Every day, Americans average a little more than half an hour making food, 43 minutes socializing and communicating, and about 11 minutes doing lawn and garden care. We know this because of the American Time Use Survey, a ridiculously detailed trove of data the Labor Department maintains. The department just released a new batch of this data on Wednesday.
If this doesn't sound exactly like how you spend your day, it's because those data contain multitudes: students, retirees, and stay-at-home parents, for example, in addition to working people. Drilling down gives a better picture of what Americans do all day.
How all of America spends its time
Not many people's days look exactly like this — 3.5 hours of work, 5.3 hours of leisure time — because this takes into account everyone 15 and older, including retirees and college students, as well as both weekdays and weekends. But take this chart as a big insight into how all of America spends its time. As a nation, we spent one-third of last year sleeping and around 50 percent more time having fun than working. But we also spent more time doing housework, like cleaning and making food, than we did actually consuming that food.
What a workday looks like
This is a glimpse into a typical weekday for some of the busiest Americans: working parents. They're not quite getting eight hours of sleep per weeknight, and they're spending a little over an hour a day focused on caring for their kids and others.
Dads work way more than moms...except not really
Among adults 18 and older, women spend far less time at work than men — even among full-time workers — but more time doing things like housework and cooking.
This trend is pronounced among parents of young children. Among fathers and mothers who have kids 6 and younger, dads spend, on average, almost one more hour at the office per day than moms (this includes part-time workers and both weekdays and weekends, hence the 5- and 6-hour workdays). But add in housework, childcare, and shopping, and moms end up working almost as much as dads. That said, dads also relax more, getting 40 minutes more leisure time per day, on average, than moms. Moms, meanwhile, get slightly more sleep and also spend slightly more time on educational activities, like going to school or doing homework.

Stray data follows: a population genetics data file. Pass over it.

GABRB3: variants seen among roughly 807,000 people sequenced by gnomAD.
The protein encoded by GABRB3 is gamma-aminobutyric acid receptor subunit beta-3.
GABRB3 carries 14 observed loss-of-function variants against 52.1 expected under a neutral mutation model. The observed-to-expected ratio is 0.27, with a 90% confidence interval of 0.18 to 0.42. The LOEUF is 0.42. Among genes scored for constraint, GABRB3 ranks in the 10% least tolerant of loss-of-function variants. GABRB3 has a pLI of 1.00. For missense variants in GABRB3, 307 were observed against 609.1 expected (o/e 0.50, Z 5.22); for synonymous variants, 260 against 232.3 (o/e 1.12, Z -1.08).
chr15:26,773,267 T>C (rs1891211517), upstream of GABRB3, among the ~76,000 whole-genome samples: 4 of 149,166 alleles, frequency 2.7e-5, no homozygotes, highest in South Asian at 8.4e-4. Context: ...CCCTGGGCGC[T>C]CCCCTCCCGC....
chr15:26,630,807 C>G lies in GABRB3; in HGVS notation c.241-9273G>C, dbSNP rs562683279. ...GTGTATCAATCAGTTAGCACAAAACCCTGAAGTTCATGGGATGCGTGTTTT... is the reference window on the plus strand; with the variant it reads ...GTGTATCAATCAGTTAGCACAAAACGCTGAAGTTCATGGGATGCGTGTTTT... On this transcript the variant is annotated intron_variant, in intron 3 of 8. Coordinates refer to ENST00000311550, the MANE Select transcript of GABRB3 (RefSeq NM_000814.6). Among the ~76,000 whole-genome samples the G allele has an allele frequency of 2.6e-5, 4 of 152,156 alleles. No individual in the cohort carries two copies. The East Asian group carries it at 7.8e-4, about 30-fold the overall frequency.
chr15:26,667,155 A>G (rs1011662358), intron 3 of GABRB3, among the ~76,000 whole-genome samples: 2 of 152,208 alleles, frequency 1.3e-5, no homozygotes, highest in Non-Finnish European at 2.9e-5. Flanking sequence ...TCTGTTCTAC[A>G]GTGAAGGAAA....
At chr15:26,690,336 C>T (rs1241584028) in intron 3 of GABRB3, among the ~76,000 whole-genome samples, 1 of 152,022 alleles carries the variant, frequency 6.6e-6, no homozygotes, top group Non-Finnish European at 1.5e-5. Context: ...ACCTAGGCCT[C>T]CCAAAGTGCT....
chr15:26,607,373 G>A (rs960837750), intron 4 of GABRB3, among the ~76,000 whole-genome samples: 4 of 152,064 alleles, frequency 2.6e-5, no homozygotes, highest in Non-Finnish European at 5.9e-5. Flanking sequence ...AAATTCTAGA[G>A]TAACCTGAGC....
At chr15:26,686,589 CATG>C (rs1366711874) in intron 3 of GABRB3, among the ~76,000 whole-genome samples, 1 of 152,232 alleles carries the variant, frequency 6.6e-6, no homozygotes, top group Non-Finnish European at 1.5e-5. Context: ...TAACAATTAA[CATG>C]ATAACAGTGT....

There are complicated links between education and time use
Interestingly, time use varies a lot by educational attainment. Above are four areas where the trend is most pronounced. People with lower educational attainment spend more time doing leisure activities, sleeping, and keeping house, while people with more education tend to be at work more. There are other patterns as well — more educated Americans also tend to spend slightly more time eating and drinking, as well as talking on the phone or using email.
There are all sorts of reasons why these patterns show up, but one key one might be that working pattern. Less-educated people tend to have a harder time finding work than more-educated Americans, which would naturally lead to fewer working hours and more hours for other activities. Likewise, it's possible some of the more educated Americans who have jobs are putting in long hours — extremes on both ends can skew these averages.
We watch a lot of TV
Americans watch far more TV in their downtime than doing anything else. Of the 5.26 hours per day Americans had for leisure time on average in 2013, we spent most of it watching TV. Nothing else even comes close, whether it's being on the internet, exercising, or reading. Why tackle The Naked and the Dead, after all, when you can watch Naked and Afraid?
...and youngsters aren't reading
When we do have free time, the older we are, the more likely we are to read. Even on weekends and holidays, when there was more abundant free time, teenagers 15 to 19 only read for around 4 minutes a day. The oldest Americans, meanwhile, read for more than an hour a day. These data only include reading for fun, however, which may be why the count for the student-age population is strangely low.
The kids seem to love their internet
One thing young Americans are doing instead of reading books appears to be going online. As of 2013, Americans age 15 to 19 spent far more time playing games and being on the computer for fun than any age group of adults 35 and older. Granted, this category includes any sort of games, so it could mean teenagers and young adults are spending a lot of time playing Clue or Parcheesi (or, more likely, they're playing video games). And even if they are online, they might be reading insightful news articles...but it may also just mean they're wasting time.